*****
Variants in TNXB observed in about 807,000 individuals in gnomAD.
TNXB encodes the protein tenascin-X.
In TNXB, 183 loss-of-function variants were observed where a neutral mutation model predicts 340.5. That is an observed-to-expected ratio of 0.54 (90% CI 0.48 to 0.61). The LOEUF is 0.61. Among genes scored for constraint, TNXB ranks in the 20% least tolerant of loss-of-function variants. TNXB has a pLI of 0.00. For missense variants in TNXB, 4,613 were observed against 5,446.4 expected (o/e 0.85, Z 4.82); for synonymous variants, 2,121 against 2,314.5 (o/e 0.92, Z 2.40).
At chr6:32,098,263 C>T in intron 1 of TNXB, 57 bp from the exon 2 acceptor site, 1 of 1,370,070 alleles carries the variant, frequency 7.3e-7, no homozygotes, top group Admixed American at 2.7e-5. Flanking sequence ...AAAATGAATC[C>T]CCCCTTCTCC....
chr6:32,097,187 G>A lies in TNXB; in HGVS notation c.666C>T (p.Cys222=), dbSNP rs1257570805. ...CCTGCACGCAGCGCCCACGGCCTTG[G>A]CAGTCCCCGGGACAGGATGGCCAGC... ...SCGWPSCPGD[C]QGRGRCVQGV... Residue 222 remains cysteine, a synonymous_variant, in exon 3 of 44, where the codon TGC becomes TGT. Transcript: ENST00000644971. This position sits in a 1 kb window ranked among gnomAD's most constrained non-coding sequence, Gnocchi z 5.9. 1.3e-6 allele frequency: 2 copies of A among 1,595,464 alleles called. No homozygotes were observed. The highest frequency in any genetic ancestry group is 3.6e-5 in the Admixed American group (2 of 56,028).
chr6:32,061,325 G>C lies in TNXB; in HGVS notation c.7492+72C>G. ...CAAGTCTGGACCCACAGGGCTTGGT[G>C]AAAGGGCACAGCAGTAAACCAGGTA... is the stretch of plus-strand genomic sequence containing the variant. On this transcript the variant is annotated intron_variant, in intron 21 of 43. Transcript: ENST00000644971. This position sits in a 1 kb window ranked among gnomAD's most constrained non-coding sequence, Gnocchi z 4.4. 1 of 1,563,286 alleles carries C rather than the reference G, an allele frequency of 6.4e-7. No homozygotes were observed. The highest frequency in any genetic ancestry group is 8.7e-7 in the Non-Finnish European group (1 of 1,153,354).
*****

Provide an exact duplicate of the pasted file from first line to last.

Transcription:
Variants in TNXB observed in about 807,000 individuals in gnomAD.
TNXB encodes the protein tenascin-X.
In TNXB, 183 loss-of-function variants were observed where a neutral mutation model predicts 340.5. That is an observed-to-expected ratio of 0.54 (90% CI 0.48 to 0.61). The LOEUF is 0.61. Among genes scored for constraint, TNXB ranks in the 20% least tolerant of loss-of-function variants. TNXB has a pLI of 0.00. For missense variants in TNXB, 4,613 were observed against 5,446.4 expected (o/e 0.85, Z 4.82); for synonymous variants, 2,121 against 2,314.5 (o/e 0.92, Z 2.40).
At chr6:32,098,263 C>T in intron 1 of TNXB, 57 bp from the exon 2 acceptor site, 1 of 1,370,070 alleles carries the variant, frequency 7.3e-7, no homozygotes, top group Admixed American at 2.7e-5. Flanking sequence ...AAAATGAATC[C>T]CCCCTTCTCC....
chr6:32,097,187 G>A lies in TNXB; in HGVS notation c.666C>T (p.Cys222=), dbSNP rs1257570805. ...CCTGCACGCAGCGCCCACGGCCTTG[G>A]CAGTCCCCGGGACAGGATGGCCAGC... ...SCGWPSCPGD[C]QGRGRCVQGV... Residue 222 remains cysteine, a synonymous_variant, in exon 3 of 44, where the codon TGC becomes TGT. Transcript: ENST00000644971. This position sits in a 1 kb window ranked among gnomAD's most constrained non-coding sequence, Gnocchi z 5.9. 1.3e-6 allele frequency: 2 copies of A among 1,595,464 alleles called. No homozygotes were observed. The highest frequency in any genetic ancestry group is 3.6e-5 in the Admixed American group (2 of 56,028).
chr6:32,061,325 G>C lies in TNXB; in HGVS notation c.7492+72C>G. ...CAAGTCTGGACCCACAGGGCTTGGT[G>C]AAAGGGCACAGCAGTAAACCAGGTA... is the stretch of plus-strand genomic sequence containing the variant. On this transcript the variant is annotated intron_variant, in intron 21 of 43. Transcript: ENST00000644971. This position sits in a 1 kb window ranked among gnomAD's most constrained non-coding sequence, Gnocchi z 4.4. 1 of 1,563,286 alleles carries C rather than the reference G, an allele frequency of 6.4e-7. No homozygotes were observed. The highest frequency in any genetic ancestry group is 8.7e-7 in the Non-Finnish European group (1 of 1,153,354).